Security Benchmarking: Going Beyond MetricsBy Mike Rothman
How do you answer the inevitable question “Are we good at security?” If you are like most organizations, you stutter quite a bit and then fall back to either irrelevant numbers (like AV or patch coverage) or a qualitative assessment – “We had 2 incidents last month, down from 5 the prior month prior”. Either way, the answer isn’t what management needs, or deserves.
In this paper we focus on security metrics as the foundation, but more importantly on how to leverage a security benchmark to provide a useful basis for comparison. A brief excerpt from the Executive Summary makes the distinction clear:
A key aspect of maturing our security programs must be the collection of security metrics and their use to improve operational processes. Even those with broad security metrics programs still have trouble communicating the relative effectiveness of their efforts – largely because they have no point of comparison. Thus when talking about the success/failure of any security program, without an objective reference point senior management has no idea if your results are good. Or bad.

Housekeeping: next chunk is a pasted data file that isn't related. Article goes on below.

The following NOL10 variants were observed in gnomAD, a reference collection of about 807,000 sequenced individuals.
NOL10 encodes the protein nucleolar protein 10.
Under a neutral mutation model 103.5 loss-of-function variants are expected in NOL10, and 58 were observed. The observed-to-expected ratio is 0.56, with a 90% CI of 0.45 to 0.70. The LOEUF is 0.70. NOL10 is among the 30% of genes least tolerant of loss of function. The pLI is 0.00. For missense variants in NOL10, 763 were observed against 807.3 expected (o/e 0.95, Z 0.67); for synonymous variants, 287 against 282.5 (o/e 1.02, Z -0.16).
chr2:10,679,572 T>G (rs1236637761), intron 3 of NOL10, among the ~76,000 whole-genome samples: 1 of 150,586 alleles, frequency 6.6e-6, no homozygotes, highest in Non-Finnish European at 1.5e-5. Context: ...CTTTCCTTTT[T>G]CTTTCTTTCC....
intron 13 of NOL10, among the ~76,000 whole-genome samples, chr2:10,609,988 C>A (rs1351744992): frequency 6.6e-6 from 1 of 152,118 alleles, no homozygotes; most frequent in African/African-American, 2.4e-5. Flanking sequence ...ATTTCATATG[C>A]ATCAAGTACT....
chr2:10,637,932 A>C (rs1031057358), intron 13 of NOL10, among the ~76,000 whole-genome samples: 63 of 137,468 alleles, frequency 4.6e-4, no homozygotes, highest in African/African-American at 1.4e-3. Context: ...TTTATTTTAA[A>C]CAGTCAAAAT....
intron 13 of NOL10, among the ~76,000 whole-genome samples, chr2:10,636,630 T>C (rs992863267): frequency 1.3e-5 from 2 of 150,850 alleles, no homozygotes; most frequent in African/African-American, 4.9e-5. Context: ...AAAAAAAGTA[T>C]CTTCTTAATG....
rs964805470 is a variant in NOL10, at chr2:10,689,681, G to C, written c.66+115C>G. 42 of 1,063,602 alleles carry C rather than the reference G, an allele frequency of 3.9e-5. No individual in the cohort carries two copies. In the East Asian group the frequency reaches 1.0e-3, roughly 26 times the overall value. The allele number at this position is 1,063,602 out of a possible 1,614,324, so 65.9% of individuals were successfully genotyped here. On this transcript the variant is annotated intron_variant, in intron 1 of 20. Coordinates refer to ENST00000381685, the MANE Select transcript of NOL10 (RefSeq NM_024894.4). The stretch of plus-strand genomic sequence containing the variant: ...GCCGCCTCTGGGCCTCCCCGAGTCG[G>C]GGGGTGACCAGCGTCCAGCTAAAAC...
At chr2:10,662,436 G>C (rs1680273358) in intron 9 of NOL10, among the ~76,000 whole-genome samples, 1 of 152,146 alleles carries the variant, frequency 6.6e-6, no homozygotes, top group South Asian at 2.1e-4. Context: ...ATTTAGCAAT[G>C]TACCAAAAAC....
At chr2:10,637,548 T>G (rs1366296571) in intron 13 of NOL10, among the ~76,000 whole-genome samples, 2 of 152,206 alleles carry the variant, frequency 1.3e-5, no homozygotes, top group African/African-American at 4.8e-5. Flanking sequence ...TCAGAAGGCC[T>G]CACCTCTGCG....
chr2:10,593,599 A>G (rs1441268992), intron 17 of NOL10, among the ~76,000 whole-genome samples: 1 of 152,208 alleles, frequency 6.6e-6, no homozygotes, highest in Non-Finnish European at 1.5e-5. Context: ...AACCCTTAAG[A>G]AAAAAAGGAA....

Enter the Security Benchmark, which involves comparing your security metrics to a peer group of similar companies. If you can get a fairly broad set of consistent data (both quantitative and qualitative), then compare your numbers to that dataset, you can get a feel for relative performance. Obviously this is very sensitive data, so due care must be exercised when sharing it, but the ability to transcend the current and arbitrary identification of problem areas as ‘red’ (bad), ‘yellow’ (not so bad), or ‘green’ (a bit better) enables us to finally have some clarity on the effectiveness of our security programs. Additionally, the metrics and benchmark data can be harnessed internally to provide objectives and illuminate trends to improve key security operations.
Those of you who embrace quantification gain an objective method for making decisions about your security program. This paper makes a case for why and how this should be done.
We would like to thank nCircle for sponsoring the research.